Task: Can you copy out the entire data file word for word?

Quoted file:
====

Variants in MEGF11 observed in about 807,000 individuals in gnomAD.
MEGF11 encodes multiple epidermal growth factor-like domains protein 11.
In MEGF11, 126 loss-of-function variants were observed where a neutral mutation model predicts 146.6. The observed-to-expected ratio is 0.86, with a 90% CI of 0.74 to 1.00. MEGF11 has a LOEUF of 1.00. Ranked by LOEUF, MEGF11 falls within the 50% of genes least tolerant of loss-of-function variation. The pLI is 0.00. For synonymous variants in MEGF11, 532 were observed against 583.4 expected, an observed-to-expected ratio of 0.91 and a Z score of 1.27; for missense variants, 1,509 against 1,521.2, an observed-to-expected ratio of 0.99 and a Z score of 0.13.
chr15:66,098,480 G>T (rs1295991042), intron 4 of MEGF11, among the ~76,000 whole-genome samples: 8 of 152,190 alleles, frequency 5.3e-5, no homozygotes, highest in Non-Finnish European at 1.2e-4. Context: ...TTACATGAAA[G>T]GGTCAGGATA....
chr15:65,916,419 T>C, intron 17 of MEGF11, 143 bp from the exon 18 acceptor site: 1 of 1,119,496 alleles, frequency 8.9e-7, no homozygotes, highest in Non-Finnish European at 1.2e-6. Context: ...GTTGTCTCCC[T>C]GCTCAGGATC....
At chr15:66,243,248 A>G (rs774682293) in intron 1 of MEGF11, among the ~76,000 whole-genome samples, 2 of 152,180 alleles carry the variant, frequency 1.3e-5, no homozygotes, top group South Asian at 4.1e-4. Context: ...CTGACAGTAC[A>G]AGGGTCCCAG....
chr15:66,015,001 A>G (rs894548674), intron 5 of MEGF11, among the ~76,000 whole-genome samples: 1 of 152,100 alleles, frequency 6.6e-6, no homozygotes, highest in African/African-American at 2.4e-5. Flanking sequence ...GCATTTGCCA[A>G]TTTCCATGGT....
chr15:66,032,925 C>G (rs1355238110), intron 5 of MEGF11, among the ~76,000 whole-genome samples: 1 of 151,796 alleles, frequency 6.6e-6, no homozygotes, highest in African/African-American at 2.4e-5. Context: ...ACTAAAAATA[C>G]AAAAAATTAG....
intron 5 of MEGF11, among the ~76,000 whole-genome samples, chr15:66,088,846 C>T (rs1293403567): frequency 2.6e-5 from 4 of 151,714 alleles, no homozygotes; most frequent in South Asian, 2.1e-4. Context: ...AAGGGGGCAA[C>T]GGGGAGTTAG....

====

Variants in MEGF11 observed in about 807,000 individuals in gnomAD.
MEGF11 encodes multiple epidermal growth factor-like domains protein 11.
In MEGF11, 126 loss-of-function variants were observed where a neutral mutation model predicts 146.6. The observed-to-expected ratio is 0.86, with a 90% CI of 0.74 to 1.00. MEGF11 has a LOEUF of 1.00. Ranked by LOEUF, MEGF11 falls within the 50% of genes least tolerant of loss-of-function variation. The pLI is 0.00. For synonymous variants in MEGF11, 532 were observed against 583.4 expected, an observed-to-expected ratio of 0.91 and a Z score of 1.27; for missense variants, 1,509 against 1,521.2, an observed-to-expected ratio of 0.99 and a Z score of 0.13.
chr15:66,098,480 G>T (rs1295991042), intron 4 of MEGF11, among the ~76,000 whole-genome samples: 8 of 152,190 alleles, frequency 5.3e-5, no homozygotes, highest in Non-Finnish European at 1.2e-4. Context: ...TTACATGAAA[G>T]GGTCAGGATA....
chr15:65,916,419 T>C, intron 17 of MEGF11, 143 bp from the exon 18 acceptor site: 1 of 1,119,496 alleles, frequency 8.9e-7, no homozygotes, highest in Non-Finnish European at 1.2e-6. Context: ...GTTGTCTCCC[T>C]GCTCAGGATC....
At chr15:66,243,248 A>G (rs774682293) in intron 1 of MEGF11, among the ~76,000 whole-genome samples, 2 of 152,180 alleles carry the variant, frequency 1.3e-5, no homozygotes, top group South Asian at 4.1e-4. Context: ...CTGACAGTAC[A>G]AGGGTCCCAG....
chr15:66,015,001 A>G (rs894548674), intron 5 of MEGF11, among the ~76,000 whole-genome samples: 1 of 152,100 alleles, frequency 6.6e-6, no homozygotes, highest in African/African-American at 2.4e-5. Flanking sequence ...GCATTTGCCA[A>G]TTTCCATGGT....
chr15:66,032,925 C>G (rs1355238110), intron 5 of MEGF11, among the ~76,000 whole-genome samples: 1 of 151,796 alleles, frequency 6.6e-6, no homozygotes, highest in African/African-American at 2.4e-5. Context: ...ACTAAAAATA[C>G]AAAAAATTAG....
intron 5 of MEGF11, among the ~76,000 whole-genome samples, chr15:66,088,846 C>T (rs1293403567): frequency 2.6e-5 from 4 of 151,714 alleles, no homozygotes; most frequent in South Asian, 2.1e-4. Context: ...AAGGGGGCAA[C>T]GGGGAGTTAG....